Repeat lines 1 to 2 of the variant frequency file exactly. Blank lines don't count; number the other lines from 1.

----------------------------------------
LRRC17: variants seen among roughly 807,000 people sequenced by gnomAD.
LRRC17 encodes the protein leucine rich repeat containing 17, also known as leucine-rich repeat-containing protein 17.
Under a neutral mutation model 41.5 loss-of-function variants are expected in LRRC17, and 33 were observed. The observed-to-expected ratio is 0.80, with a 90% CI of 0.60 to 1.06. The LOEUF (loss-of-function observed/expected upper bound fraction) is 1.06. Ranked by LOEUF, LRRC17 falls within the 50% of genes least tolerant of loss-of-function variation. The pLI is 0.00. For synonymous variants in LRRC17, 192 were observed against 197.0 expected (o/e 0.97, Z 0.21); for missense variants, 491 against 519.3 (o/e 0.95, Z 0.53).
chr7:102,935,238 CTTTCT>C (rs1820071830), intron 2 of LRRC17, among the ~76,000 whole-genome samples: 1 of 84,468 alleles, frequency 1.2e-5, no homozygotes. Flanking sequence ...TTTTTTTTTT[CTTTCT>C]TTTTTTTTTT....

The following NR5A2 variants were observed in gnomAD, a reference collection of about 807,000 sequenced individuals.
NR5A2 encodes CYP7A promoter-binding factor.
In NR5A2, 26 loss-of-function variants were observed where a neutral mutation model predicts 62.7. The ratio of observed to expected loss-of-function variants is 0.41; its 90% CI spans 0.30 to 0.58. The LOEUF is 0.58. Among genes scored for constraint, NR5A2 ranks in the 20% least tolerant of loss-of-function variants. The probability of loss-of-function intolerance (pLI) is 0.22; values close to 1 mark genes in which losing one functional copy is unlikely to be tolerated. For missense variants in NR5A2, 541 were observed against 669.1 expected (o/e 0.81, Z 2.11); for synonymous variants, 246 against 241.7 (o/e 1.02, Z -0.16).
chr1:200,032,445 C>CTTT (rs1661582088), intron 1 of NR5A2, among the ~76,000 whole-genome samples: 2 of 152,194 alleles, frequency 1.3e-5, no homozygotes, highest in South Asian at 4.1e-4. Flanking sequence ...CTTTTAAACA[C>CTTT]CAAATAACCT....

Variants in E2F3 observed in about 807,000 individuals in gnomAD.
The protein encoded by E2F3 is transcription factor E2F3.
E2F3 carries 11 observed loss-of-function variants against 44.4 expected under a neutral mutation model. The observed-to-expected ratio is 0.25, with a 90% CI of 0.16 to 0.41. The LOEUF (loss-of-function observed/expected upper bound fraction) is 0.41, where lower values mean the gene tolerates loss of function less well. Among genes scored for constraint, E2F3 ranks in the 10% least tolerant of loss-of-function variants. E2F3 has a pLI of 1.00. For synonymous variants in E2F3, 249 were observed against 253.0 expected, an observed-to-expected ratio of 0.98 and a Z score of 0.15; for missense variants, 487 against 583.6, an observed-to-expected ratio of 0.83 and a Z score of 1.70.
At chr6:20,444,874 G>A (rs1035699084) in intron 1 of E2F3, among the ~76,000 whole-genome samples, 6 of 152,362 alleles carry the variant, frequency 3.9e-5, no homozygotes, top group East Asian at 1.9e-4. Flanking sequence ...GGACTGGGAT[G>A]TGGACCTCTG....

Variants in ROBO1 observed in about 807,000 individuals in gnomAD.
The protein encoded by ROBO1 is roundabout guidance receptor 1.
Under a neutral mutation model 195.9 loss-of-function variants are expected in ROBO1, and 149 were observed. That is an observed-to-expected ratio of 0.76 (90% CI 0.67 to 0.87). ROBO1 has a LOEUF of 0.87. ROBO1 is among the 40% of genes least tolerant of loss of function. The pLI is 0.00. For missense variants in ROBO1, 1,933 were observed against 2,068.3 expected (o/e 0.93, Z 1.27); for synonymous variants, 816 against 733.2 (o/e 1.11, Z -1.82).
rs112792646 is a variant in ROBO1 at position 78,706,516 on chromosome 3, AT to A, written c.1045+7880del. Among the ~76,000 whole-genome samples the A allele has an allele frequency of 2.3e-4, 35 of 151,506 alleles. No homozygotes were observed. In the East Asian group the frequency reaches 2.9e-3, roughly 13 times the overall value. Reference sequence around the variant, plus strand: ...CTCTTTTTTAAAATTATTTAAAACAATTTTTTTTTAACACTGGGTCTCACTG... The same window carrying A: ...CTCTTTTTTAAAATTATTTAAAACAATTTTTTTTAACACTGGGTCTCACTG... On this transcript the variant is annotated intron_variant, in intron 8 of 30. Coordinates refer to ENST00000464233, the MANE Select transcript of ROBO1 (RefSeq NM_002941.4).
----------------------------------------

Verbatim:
LRRC17: variants seen among roughly 807,000 people sequenced by gnomAD.
LRRC17 encodes the protein leucine rich repeat containing 17, also known as leucine-rich repeat-containing protein 17.